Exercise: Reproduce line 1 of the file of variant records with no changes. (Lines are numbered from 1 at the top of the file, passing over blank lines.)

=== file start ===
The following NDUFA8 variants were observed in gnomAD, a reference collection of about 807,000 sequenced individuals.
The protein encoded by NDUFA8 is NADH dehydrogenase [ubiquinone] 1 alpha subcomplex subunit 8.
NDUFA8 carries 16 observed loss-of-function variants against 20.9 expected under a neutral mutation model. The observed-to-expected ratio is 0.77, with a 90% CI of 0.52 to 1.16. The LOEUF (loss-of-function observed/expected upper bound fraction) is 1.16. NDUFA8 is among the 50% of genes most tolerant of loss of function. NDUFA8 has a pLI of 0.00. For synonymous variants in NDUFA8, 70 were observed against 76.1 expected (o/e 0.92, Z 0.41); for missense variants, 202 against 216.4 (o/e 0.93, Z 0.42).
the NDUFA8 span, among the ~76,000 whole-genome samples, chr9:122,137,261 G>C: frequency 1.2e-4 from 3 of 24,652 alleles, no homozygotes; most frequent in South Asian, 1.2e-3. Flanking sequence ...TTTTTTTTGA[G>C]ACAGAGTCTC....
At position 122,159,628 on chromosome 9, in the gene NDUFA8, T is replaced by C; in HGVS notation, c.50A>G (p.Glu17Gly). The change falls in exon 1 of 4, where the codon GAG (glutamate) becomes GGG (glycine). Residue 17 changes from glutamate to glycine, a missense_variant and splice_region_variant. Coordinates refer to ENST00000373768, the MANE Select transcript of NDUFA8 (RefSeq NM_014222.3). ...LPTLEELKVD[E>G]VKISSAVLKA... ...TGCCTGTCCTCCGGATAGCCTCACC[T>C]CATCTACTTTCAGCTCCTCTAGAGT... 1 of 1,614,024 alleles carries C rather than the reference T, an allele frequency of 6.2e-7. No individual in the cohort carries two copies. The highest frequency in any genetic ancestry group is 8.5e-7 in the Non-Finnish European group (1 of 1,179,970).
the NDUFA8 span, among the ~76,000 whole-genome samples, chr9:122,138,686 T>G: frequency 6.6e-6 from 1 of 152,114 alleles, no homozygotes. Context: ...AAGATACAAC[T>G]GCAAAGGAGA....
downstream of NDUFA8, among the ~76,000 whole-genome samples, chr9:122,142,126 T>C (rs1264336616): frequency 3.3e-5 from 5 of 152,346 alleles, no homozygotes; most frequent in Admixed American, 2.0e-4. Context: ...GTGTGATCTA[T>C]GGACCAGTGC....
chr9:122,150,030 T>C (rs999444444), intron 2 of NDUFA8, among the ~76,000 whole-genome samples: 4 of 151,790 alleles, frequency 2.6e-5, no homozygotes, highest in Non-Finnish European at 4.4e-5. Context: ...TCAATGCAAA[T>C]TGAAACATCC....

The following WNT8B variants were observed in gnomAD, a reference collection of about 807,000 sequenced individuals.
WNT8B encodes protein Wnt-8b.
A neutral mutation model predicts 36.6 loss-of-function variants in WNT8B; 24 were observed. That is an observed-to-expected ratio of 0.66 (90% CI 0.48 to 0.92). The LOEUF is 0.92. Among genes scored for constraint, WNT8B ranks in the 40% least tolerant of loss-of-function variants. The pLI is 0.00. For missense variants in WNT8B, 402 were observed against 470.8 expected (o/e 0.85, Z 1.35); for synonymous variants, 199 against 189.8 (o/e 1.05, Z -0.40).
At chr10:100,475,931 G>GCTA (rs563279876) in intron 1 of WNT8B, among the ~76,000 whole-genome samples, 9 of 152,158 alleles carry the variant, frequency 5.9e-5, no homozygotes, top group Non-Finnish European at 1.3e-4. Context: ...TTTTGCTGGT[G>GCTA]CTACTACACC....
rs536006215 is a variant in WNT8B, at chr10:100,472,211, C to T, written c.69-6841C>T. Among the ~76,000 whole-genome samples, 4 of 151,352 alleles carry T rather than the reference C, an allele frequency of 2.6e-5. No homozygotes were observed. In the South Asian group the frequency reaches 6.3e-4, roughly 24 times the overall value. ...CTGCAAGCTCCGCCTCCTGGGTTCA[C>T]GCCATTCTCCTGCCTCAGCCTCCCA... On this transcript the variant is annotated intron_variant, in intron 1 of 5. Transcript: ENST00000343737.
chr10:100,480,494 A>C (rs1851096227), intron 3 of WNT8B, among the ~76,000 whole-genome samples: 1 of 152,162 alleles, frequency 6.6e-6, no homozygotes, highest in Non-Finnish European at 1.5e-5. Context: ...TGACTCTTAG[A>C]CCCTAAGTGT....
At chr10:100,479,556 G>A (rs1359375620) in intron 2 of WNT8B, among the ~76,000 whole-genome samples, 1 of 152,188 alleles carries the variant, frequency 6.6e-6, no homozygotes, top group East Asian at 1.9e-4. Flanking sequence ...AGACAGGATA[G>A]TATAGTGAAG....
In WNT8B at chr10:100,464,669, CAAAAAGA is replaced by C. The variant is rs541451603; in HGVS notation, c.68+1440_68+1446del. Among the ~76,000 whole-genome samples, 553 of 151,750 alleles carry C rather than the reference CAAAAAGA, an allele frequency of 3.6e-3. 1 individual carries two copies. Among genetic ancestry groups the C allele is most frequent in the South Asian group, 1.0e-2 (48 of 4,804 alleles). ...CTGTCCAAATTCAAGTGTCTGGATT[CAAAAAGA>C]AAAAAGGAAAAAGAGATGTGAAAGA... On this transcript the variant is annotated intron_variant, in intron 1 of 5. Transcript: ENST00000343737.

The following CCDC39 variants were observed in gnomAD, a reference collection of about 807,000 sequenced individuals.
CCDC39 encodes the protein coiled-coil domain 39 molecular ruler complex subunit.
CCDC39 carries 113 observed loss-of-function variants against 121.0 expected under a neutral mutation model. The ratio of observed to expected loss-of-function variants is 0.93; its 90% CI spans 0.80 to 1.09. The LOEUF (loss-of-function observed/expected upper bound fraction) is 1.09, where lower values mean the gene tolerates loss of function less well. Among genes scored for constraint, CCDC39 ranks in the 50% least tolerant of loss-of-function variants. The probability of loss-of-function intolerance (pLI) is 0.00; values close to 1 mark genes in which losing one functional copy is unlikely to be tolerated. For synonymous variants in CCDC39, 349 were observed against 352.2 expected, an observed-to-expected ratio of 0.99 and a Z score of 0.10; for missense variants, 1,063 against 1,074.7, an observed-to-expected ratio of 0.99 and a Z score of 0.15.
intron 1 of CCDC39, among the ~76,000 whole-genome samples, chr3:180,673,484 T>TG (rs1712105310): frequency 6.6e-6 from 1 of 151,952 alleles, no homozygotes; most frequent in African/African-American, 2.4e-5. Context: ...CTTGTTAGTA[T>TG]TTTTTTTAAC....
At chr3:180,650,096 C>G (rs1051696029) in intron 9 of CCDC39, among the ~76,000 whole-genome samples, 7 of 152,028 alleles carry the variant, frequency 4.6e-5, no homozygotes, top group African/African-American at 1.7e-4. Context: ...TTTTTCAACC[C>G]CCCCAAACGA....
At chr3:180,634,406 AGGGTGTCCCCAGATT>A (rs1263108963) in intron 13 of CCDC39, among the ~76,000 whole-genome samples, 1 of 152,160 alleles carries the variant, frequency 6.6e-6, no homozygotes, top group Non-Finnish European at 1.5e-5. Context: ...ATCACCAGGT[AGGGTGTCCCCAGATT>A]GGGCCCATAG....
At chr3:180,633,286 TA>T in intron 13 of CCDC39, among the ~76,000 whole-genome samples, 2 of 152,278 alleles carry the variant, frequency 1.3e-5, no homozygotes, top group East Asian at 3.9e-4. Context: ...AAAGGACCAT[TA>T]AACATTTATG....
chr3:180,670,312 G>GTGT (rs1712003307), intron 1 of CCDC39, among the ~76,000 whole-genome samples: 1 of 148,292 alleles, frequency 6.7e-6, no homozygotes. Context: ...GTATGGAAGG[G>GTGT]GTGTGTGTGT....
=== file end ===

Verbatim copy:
The following NDUFA8 variants were observed in gnomAD, a reference collection of about 807,000 sequenced individuals.